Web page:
I have been floated from 7am-3pm of a 7am-7pm shift and floated back to my home unit for 3pm-7pm. I have been scheduled for a 7am-11pm double and floated to sit for 7am-3pm and then brought back to work on the floor of the unit I was originally scheduled to work for 3pm-11pm when I was an aide. It hasn't happened to me but certainly there have been nurses who reported to a 7pm-7am overnight shift and got floated to another unit at 11pm. I don't see why anyone would think this can't happen. It is common practice.

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hawaiicarl has 28 years experience as a BSN, RN and works as a Charge Nurse.

41 Likes; 6,676 Visitors; 285 Posts

Sucks, yup. The only time I ever got out of it they tried to send me to a unit I had never even walked through the doors, and I said I had never been oriented. Then I asked isn't it policy that all employees are oriented to a unit before working on it? Then I asked which one of you made this decision so that when I document it for liability purposes I know who's name to put. How do you spell your first and last name? Oh, you changed your mind?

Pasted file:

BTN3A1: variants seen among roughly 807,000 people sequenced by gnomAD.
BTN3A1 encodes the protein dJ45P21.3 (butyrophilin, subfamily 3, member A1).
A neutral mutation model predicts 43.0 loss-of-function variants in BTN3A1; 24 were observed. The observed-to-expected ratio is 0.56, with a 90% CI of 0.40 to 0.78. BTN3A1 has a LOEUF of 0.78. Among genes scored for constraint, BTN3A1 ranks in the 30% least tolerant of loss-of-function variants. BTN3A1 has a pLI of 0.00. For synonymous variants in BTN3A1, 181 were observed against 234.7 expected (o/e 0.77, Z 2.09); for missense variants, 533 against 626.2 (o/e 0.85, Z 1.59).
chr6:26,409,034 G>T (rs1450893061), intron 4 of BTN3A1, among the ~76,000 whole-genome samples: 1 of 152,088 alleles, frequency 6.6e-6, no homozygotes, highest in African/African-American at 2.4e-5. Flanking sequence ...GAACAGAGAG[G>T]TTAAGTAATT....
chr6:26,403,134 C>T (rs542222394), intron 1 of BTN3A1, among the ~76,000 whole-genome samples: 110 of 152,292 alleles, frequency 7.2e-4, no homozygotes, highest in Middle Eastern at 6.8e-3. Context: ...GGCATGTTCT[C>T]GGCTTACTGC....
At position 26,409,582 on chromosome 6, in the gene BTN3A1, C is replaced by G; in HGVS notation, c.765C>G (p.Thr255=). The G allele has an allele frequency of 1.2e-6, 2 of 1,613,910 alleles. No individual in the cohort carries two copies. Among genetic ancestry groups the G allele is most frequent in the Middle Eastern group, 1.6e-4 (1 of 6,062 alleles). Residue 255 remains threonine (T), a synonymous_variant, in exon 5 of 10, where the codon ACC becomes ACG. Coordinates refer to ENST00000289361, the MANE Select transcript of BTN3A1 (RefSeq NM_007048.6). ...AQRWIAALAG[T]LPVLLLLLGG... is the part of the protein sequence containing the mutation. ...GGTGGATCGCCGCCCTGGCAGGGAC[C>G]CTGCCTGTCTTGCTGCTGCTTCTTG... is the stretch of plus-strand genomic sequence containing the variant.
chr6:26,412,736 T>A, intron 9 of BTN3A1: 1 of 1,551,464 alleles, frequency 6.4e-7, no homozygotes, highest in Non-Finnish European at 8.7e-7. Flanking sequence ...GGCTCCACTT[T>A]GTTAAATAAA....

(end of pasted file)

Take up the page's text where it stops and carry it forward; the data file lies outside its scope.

Other than that, good luck, it's called warm body syndrome (an amusing phrase to google), Admin feels that a warm body can function effectively enough to keep patients safer than ... no body.

Cheers

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6 Visitors; 3 Posts

I have seen it done several times mid-shift, but as CCU BSN RN mentioned, you can always refuse an assignment if you deem it unsafe.

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xoemmylouox has 13 years experience and works as a Nurse.

4 Likes; 1 Follower; 38,211 Visitors; 3,141 Posts

This is fairly common in most facilities (acute and LTC). It make not be what everyone loves, but it is a way of addressing changing staff needs.

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Alex_RN has 3 years experience and works as a RN.

11 Likes; 3,470 Visitors; 305 Posts

Sure, happens in my very large hospital all the time. They do try to be reasonable about it but it happens.